Controlling the Second
After handling a two-engine failure at 9,000 feet, nothing fazes Brett Godfrey in the courtroom
Published in 2014 Colorado Super Lawyers magazine
By Aimée Groth on March 14, 2014
There was a moment when Brett Godfrey thought he might die.
He was steering a twin-engine Cessna 421 over the Rocky Mountains late on a Friday night, after a grueling week of trial in San Jose, Calif. He and a colleague had just dropped off their client in Salt Lake and were en route to Denver to enjoy a three-day weekend. The second leg of their journey started smoothly, but at 23,000 feet, the first engine died. By midnight, they hit a thick layer of clouds and things got worse. Godfrey called air traffic control to schedule an emergency landing in Provo, Utah, and as he steered the plane to 9,000 feet the second engine failed.
“I could see the runway at that point,” Godfrey says. “If I had landed in the reservoir we would have died. By sheer luck, it was actually the smoothest landing I’ve ever had. Air traffic control didn’t expect us to make it.
“After an experience like that, standing up in the courtroom against a harsh judge is nothing.”
Godfrey has always been a risk taker. He not only flies planes, he jumps out of them. He’s done more than 2,000 skydives as part of a team with world-famous skydiver Keith Walter. He’s not 100 percent fearless, though. “I still panic,” he says. “The difference is knowing that you can operate while in that place versus shutting down.”
He learned law and airplanes from his father, Paul Godfrey, a renowned trial lawyer in Cheyenne, Wyo., where Brett grew up. He’ll never forget a case he attended at age 11. “My dad was representing Texas Gulf, and there was a virtual lynch mob in Rock Springs, Wyoming,” he says. “It was an employment case. People were overturning cars. I remember walking into the courtroom with my paperback book thinking, ‘I hope no one knows I’m with the bad guy.’ But my dad’s speech calmed the entire town down. It was pretty cool riding home with him in a Gulfstream jet.”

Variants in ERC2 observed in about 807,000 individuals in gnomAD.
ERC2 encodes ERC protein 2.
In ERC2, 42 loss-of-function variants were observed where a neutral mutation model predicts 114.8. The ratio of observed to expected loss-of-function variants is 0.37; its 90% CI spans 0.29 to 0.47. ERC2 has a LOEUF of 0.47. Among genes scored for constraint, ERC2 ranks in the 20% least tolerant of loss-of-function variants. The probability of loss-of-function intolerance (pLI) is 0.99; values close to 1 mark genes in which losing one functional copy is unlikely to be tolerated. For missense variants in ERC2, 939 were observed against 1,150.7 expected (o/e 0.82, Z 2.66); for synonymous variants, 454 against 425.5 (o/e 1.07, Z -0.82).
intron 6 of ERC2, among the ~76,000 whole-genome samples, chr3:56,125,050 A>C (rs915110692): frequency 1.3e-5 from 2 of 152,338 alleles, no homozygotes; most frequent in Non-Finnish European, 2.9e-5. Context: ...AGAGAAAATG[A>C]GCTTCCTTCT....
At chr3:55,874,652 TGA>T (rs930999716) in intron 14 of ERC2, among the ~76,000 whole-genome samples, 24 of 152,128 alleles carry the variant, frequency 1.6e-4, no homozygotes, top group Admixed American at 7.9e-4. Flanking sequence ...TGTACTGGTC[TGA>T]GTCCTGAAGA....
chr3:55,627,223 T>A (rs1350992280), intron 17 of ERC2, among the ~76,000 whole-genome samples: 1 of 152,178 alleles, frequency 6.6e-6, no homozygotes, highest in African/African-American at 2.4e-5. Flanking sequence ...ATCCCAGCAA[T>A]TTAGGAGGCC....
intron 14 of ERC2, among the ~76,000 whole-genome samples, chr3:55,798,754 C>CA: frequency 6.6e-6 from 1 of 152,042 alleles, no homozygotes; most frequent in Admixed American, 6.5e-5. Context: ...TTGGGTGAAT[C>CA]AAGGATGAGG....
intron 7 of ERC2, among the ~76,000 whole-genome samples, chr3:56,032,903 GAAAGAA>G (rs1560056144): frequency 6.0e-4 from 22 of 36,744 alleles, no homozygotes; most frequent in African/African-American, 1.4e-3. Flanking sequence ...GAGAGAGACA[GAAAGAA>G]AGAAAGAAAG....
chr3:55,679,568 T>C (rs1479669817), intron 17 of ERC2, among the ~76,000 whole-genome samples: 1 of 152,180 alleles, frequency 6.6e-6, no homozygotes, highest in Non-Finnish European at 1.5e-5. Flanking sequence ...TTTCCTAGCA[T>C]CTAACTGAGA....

More often, his father flew around Wyoming and into neighboring states in a six-seat propeller plane, and he encouraged his son to sit in the front seat next to the pilot, who eventually let him steer. By age 14, Brett had logged 75 hours of stick time. By 16, he was taking off and landing.
That passion stuck with him, and he decided to drop out of law school midway through to go into the U.S. Air Force. His dad put him on a call with Gerry Spence, a longtime friend.
“Gerry is someone I idolized; I had known him since I was 5, and he wanted to convince me not to do it,” Godfrey says. “He said there was nothing in Mozart’s life but music. Going to law school and flight school is like a dog chasing two rabbits—you’re not going to catch either one.”
Godfrey responded by reciting a passage from To Be a Trial Lawyer by criminal defense attorney and U.S. Marine Corps veteran F. Lee Bailey. “He lists a number of great points about why lawyers should also be fighter pilots,” says Godfrey, “including how pilots understand early on that they must make decisions rapidly and they must make those decisions correctly. And so do trial lawyers.”
In the end, Godfrey went to flight school, then finished his J.D.
Today the Godfrey | Johnson attorney handles complex medical and aerospace cases with a lot of science behind them. In one of his earliest, most challenging cases, he represented several corporations with racketeering claims against the computer platforms they used to run their businesses. Even though Godfrey had failed computer science in college, he taught himself the operating system Unix.
“One of the best things I’ve learned is that I’m a student for life,” he says. “When I picture myself taking the deposition of an expert in a room full of lawyers, I ask myself, ‘Do I want to be embarrassed?’ When I picture the end result, it has to be blood spilled in court—and it’s not going to be mine.”
Godfrey has a meticulous way of preparing for trial. As soon as he gets a case, he brings his team into the firm’s media room—“some guys would call it a war room”—which includes a big magnetic wall. “The second I start hearing the facts of the case, I’m starting to formulate possible theories,” he explains. “If we have an operating theory, we always know what our goals are, and can act much more decisively.”
To date, Godfrey has led 89 trial cases to verdict as lead counsel.
Flying keeps him sharp.
“Mental and emotional control is a huge part of the firm I run,” he says. “It’s one thing to feel pressure, but to be affected is a conscious decision. You have the power to control that second. It’s hard to teach, but it can be taught.”
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